Some might say there’s too many solitary days camping in such a place as this LTVA for so long, but in reality, at least to me, such a solitude is a welcome companion in these times of continued Covid high-risk exposures. In the beginning of the pandemic, during the swell of first-time RV buyers, many called their new toys ”Covid escape vehicles.” I consider Van Geist my Covid safe-travel vehicle.

Now it’s time to pack up and make Van Geist ready for the 2,200 mile trip ahead, then point him in more or less a northeast direction. With weather’s cooperation, I’ll arrive safely around March 1. After a home base visit of a few months, for annual visits with healthcare providers, and some new, interesting mods to Van Geist, I’ll once again point him down the road and let him take me on new wanderings. Where and when are still evolving, but it will undoubtedly be yet another soul-satisfying and enlightening, embraced with the freedom of vanlife.

Desert Silence

Desert Silence2

There is something about how hiking in the silence of a desert that is addictive, as though this absence of civilized noise experienced miles into the hike is something you’ve craved your whole life but didn’t know it.

The experience is not truly silent, respective to the definition. You hear your breath, rhythmically marching and retreating, your feet insulated in hiking boots taking up a hiker’s cadence of choreographed crunching, and the carefree wind, working its away across the desert plain as though you aren’t there and never were as far as it’s concerned.

In the Norwegian explorer Erling Kagge’s book ”Silence – In the Age of Noise” said:

Nature spoke to me in the guise of silence. The quieter I became, the more I heard.

… and …

You cannot wait for it to get quiet. Not in New York, nor anywhere else. You must create your own silence.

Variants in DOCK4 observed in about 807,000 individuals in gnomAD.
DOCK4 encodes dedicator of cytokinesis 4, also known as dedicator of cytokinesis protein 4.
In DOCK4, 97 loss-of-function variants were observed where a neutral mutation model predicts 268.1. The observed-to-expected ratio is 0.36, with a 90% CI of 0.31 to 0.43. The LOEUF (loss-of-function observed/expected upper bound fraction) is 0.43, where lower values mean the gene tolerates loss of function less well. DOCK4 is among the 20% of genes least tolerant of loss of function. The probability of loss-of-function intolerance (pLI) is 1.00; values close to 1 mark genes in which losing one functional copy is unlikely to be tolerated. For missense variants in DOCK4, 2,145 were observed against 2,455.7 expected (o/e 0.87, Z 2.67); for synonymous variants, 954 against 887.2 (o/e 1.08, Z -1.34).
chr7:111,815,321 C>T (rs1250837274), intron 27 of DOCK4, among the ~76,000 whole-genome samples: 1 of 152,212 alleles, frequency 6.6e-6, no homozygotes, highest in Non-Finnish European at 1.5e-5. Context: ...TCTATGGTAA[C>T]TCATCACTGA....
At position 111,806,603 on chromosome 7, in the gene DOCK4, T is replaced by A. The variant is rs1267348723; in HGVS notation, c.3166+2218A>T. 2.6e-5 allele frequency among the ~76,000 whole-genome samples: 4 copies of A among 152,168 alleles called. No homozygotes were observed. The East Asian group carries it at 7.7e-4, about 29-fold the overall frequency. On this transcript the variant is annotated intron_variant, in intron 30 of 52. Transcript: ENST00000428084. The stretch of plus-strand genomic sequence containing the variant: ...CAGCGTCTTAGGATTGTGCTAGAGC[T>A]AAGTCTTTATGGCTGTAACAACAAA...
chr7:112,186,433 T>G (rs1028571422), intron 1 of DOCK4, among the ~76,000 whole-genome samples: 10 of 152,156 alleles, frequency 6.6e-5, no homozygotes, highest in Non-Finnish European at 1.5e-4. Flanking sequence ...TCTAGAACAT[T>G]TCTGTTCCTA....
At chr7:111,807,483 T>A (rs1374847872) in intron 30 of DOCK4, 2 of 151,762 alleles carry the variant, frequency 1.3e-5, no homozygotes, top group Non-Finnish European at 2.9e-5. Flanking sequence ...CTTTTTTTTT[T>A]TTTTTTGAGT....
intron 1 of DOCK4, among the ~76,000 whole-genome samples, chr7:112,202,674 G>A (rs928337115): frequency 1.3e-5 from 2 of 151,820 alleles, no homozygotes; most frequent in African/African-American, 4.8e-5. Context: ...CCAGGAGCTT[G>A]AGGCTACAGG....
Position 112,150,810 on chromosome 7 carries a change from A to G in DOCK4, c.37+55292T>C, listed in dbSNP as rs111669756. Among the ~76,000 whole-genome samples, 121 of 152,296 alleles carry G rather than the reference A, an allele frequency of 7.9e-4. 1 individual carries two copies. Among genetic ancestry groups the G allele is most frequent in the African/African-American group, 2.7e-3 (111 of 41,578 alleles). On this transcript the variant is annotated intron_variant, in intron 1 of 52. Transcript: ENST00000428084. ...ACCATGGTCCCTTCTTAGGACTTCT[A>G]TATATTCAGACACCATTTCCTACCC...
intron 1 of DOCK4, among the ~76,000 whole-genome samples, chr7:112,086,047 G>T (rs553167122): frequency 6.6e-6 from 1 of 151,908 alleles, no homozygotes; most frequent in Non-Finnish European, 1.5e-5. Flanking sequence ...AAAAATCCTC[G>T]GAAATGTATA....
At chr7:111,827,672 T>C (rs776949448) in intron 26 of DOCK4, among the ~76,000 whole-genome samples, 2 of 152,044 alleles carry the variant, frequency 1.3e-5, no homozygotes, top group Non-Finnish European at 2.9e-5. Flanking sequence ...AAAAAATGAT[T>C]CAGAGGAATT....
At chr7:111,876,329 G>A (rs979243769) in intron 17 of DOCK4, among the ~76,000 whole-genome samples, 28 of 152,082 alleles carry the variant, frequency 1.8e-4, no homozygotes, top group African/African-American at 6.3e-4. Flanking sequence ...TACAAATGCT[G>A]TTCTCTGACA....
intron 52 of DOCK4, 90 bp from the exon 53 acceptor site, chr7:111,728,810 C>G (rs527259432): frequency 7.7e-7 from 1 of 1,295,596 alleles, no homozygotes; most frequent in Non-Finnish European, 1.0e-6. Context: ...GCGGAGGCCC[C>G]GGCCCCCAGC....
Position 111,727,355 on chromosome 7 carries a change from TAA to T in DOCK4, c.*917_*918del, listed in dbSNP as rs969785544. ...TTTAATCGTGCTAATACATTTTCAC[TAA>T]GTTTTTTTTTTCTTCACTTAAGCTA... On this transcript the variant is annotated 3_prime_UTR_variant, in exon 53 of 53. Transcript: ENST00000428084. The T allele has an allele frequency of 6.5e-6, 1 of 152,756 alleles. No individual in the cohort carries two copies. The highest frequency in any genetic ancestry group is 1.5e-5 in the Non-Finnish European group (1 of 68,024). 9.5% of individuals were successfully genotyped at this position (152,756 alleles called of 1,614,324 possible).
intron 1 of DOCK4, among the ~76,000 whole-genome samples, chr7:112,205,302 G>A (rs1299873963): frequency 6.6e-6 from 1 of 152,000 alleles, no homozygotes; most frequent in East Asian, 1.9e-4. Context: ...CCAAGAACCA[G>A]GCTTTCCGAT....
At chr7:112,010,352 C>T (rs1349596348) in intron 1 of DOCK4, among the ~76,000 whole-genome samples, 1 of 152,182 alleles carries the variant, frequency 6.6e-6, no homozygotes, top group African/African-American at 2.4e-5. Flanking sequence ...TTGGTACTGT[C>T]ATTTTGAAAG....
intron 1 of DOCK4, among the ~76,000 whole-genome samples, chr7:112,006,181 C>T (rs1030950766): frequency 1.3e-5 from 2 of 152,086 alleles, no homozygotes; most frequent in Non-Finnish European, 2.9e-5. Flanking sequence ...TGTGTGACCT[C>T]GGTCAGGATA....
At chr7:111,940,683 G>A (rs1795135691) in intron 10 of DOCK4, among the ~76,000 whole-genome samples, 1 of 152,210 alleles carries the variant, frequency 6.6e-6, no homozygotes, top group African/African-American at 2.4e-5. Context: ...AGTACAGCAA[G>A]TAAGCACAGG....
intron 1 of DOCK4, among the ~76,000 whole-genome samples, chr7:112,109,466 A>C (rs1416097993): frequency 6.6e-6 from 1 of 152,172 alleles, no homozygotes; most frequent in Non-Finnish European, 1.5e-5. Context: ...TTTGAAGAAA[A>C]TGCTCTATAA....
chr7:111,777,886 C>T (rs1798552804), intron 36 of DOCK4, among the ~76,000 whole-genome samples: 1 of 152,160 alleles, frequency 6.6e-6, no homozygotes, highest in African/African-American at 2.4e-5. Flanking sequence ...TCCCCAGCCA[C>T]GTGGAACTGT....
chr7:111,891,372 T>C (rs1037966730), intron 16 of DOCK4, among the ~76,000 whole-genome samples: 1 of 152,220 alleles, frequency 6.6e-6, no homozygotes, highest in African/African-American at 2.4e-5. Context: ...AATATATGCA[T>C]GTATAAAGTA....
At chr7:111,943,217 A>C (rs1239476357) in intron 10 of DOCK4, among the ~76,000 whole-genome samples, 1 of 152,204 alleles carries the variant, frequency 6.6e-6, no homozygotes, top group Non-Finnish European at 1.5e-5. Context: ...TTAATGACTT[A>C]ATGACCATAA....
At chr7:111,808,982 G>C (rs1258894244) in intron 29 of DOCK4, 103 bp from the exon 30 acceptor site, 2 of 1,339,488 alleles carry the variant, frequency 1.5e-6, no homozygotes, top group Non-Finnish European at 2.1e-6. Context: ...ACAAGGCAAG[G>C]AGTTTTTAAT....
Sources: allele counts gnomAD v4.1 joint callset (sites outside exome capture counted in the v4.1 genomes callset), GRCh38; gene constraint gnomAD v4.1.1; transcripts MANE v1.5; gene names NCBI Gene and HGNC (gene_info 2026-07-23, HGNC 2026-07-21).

There is no such thing as pure silence, a place devoid of any sounds. In documented experiences, those trying to obtain absolute silence in truly desolate and lifeless places or in man-made soundproof chambers, found that while external sounds and noises were absent, they could not escape the mortal sounds of their hearts beating in their chests and some even claimed to hear their veins pulsing.

Yet, when we attempt to reduce our ”civilized” world sounds and listen for what is within, interesting things happen. Erling Kagge:

But I tend to think about silence as a practical method for uncovering answers to the intriguing puzzle that is yourself, and for helping to gain new perspective on whatever is hiding beyond the horizon.

I learned to meditate from a girlfriend who was a trainer at a Korean Zen center in New England. My naiveté at the time expected the purpose of meditating to be one of blocking out or eliminating all external and internal sounds. Turns out not to be the case, and that while an objective is quiet the ”monkey mind” inside us all, quieting means not responding to or chasing it until the monkey stops chattering, and doing the same on any external noise during meditation.

As I hike the desert, quiet in my thoughts at first, but later in more of a meditative state, I am aware of the handful of natural sounds from the endeavor yet stay detached from them and let the general silence embrace me.

These weeks and months in the desert of southeast California find me frequently heading off on hikes. I gear up with my proper hat, my trusty hiking pole that’s been with me for over twenty years and countless hikes, a bottle of water, and my expectations to resolve something I’ve been thinking about. Or perhaps it’s working through a clumsy part of something I’m writing. Whichever the ulterior motive for putting one foot in front of the other, invariably a mile or so into the hike all pretenses of objectives melt away and I enjoy the silence from civilized noise, and the quiet in my mind as I am in step with my breath, my footfalls, and the wind as my desert guide.

Time Machine: Cloud Museum Part 2 – Antiques & Ephemera

Yesterday’s post showed a few of the 150+ vehicles available at the Cloud Museum. I thought it was interesting that while I appreciated the restored models, I was more in touch with the well-used, rusting hulks that predominately cover the outdoor part of the museum. Something about that patina and what must have been (at the time) wide-spread marvel at these mechanical vehicles made me appreciate these rusted knights of a time well past.

Today’s post will feature a small taste of the antiques and ephemera available at this amazing little-known museum. There is a vast amount of items in this category, and if you’re fluent in antiques and ephemera of this era, then you’ll go crazy over all that’s here.

The Cloud Museum had one building set up as a period post office, complete with antique safe of this era, post office boxes, and a small clerk’s window to the public. Adorning the walls were a variety of wanted posters, although back in these days I doubt these were framed!

If you travel to this area of southwestern Arizona, be sure to check out the Cloud Museum. It’s definitely worth the time to wander through the grounds and buildings.